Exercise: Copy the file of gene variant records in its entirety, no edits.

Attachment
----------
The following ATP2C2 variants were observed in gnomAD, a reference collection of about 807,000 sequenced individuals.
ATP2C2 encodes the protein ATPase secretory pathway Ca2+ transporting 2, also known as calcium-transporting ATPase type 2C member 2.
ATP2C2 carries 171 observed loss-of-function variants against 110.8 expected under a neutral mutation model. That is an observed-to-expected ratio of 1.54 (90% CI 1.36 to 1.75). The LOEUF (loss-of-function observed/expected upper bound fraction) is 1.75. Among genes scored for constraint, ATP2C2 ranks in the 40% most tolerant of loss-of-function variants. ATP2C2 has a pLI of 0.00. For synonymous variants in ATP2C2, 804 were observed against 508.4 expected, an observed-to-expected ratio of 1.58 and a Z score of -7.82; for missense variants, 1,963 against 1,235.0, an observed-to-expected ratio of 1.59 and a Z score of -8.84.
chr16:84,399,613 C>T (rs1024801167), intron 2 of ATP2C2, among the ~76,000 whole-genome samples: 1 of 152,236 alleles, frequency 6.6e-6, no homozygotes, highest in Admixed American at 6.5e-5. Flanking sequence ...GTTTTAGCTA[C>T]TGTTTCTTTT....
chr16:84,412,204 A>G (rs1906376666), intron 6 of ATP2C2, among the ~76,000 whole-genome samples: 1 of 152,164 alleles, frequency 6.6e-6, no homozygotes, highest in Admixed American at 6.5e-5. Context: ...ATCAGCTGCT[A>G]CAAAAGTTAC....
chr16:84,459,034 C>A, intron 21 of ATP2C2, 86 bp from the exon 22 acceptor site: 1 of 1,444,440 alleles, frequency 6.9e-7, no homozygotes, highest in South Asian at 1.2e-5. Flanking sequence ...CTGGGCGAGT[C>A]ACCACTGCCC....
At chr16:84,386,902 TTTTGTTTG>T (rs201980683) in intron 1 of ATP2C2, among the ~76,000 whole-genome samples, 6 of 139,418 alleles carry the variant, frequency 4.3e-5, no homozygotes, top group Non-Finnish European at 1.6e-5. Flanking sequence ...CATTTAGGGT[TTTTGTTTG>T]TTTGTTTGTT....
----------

The following ATP2C2 variants were observed in gnomAD, a reference collection of about 807,000 sequenced individuals.
ATP2C2 encodes the protein ATPase secretory pathway Ca2+ transporting 2, also known as calcium-transporting ATPase type 2C member 2.
ATP2C2 carries 171 observed loss-of-function variants against 110.8 expected under a neutral mutation model. That is an observed-to-expected ratio of 1.54 (90% CI 1.36 to 1.75). The LOEUF (loss-of-function observed/expected upper bound fraction) is 1.75. Among genes scored for constraint, ATP2C2 ranks in the 40% most tolerant of loss-of-function variants. ATP2C2 has a pLI of 0.00. For synonymous variants in ATP2C2, 804 were observed against 508.4 expected, an observed-to-expected ratio of 1.58 and a Z score of -7.82; for missense variants, 1,963 against 1,235.0, an observed-to-expected ratio of 1.59 and a Z score of -8.84.
chr16:84,399,613 C>T (rs1024801167), intron 2 of ATP2C2, among the ~76,000 whole-genome samples: 1 of 152,236 alleles, frequency 6.6e-6, no homozygotes, highest in Admixed American at 6.5e-5. Flanking sequence ...GTTTTAGCTA[C>T]TGTTTCTTTT....
chr16:84,412,204 A>G (rs1906376666), intron 6 of ATP2C2, among the ~76,000 whole-genome samples: 1 of 152,164 alleles, frequency 6.6e-6, no homozygotes, highest in Admixed American at 6.5e-5. Context: ...ATCAGCTGCT[A>G]CAAAAGTTAC....
chr16:84,459,034 C>A, intron 21 of ATP2C2, 86 bp from the exon 22 acceptor site: 1 of 1,444,440 alleles, frequency 6.9e-7, no homozygotes, highest in South Asian at 1.2e-5. Flanking sequence ...CTGGGCGAGT[C>A]ACCACTGCCC....
At chr16:84,386,902 TTTTGTTTG>T (rs201980683) in intron 1 of ATP2C2, among the ~76,000 whole-genome samples, 6 of 139,418 alleles carry the variant, frequency 4.3e-5, no homozygotes, top group Non-Finnish European at 1.6e-5. Flanking sequence ...CATTTAGGGT[TTTTGTTTG>T]TTTGTTTGTT....